A Google logo is seen in a store in Los Angeles, March 24, 2017. Reuters/Lucy Nicholson

U.S. tech giants Google and Facebook have been ripped off $100 million in an email scam, Fortune reported Thursday.

The fact that the tech giants were swindled by a man impersonating as an Asian supplier of tech equipments, who was arrested last month for the crime, came to light during Fortune’s interviews with the law enforcement, as was revealed in its findings.

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Evaldas Rimasauskas, the accused, allegedly designed an elaborate scheme to defraud tech companies in 2013. To do so, according to the Justice Department, he forged documents, email addresses and corporate digital signatures to create an impersonation of a large Asian manufacturer with whom the companies regularly did business. He then tricked the companies into making payments for computer supplies they never ordered.

From 2013-2015, Rimasauskas allegedly managed to convince the finance and accounts departments of both Facebook and Google to make large transfers in lieu of payments. Before the companies caught on to what was happening, they had already transferred around $100 million. He then stashed the money in multiple banks across Eastern Europe.

He was finally arrested for the scam last year and charges of wire fraud were pressed against him. According to a press release issued by the United States Attorney’s office, southern district of New York on March 21, most of money has already been recovered.

The authorities are still pursuing the extradition of Rimasauskas, who has denied the charges.

“Mr. Rimasauskas cannot expect a fair and impartial trial in the USA. The uncertainty is further increased taking into account the behavior of FBI agents during the interrogations of Mr. Rimašaukas, frightening him with long years in US prisons, and the transfer of computers to US law enforcement officials, which was made without the presence of the owner,” his lawyer, Linas Kuprusevičius, told Fortune in an email.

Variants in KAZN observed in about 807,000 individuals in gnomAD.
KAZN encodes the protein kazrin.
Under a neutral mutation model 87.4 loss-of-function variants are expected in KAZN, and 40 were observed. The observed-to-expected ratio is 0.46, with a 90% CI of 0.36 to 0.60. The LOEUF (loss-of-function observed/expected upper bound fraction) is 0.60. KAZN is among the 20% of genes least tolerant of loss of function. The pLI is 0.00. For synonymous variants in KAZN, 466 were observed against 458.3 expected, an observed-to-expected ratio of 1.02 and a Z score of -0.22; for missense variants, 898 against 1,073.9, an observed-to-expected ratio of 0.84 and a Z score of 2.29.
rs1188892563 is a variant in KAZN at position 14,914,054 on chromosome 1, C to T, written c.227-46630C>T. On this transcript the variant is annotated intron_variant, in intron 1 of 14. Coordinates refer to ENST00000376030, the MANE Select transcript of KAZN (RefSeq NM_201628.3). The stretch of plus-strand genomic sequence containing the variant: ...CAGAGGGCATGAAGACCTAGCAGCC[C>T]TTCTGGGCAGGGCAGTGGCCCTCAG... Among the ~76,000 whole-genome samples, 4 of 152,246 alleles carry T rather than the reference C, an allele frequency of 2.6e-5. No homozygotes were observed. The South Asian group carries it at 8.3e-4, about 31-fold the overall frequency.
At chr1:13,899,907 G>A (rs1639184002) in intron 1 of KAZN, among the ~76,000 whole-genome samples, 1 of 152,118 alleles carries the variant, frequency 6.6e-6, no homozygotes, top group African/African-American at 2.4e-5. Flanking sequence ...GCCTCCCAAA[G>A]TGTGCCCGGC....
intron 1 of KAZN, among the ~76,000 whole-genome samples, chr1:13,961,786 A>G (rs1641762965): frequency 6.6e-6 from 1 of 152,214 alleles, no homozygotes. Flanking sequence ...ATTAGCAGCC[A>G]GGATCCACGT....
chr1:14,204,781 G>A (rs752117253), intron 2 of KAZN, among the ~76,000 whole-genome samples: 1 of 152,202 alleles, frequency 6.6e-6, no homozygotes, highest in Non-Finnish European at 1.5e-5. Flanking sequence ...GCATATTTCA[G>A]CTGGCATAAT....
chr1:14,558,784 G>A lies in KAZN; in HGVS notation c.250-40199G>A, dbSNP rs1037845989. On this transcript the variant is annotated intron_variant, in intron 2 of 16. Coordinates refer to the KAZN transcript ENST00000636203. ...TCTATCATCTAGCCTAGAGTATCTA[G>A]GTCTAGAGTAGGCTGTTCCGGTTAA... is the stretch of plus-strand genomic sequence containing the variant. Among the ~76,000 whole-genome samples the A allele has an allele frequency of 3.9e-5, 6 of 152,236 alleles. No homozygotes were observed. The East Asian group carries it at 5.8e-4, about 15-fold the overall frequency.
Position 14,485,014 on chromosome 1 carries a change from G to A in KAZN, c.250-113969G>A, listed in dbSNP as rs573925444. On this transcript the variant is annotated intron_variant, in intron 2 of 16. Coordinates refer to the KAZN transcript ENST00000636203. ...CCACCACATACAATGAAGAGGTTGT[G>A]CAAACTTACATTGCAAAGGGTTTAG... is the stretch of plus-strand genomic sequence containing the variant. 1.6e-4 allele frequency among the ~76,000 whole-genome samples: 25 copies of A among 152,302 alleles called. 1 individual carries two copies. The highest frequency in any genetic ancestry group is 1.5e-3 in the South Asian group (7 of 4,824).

Rimasauskas also claimed that the Justice Department and Lithuanian authorities not naming the companies was infringing on his right to a fair trial. He is still in custody in Lithuania, according to a spokesperson of the U.S. Attorney’s office in New York.

How the company’s names were revealed is also interesting. Quanta Computer, a major supplier of computer and electronic parts, conceded in March that it was actually the supplier that Rimasauskas allegedly impersonated. After repeated interviews with law enforcement officials, Fortune contacted Facebook, which responded in an email, saying: “Facebook recovered the bulk of the funds shortly after the incident and has been cooperating with law enforcement in its investigation."

Google also responded saying: “We detected this fraud against our vendor management team and promptly alerted the authorities. We recouped the funds and we're pleased this matter is resolved," said a Google spokesperson.”

The scam involved email phishing and impersonation and has raised questions as to why the companies have been silent about the issue. Their silence is peculiar, since both companies owe an obligation to tell investors what happened.

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The scam is interesting in its simplicity — there was no hacking, no insiders and no other complicated techniques involved. The fact is that many consumers use these companies’ applications and share valuable data with them. If they can be so easily scammed, it raises questions about how consumers could remain safe from such scams.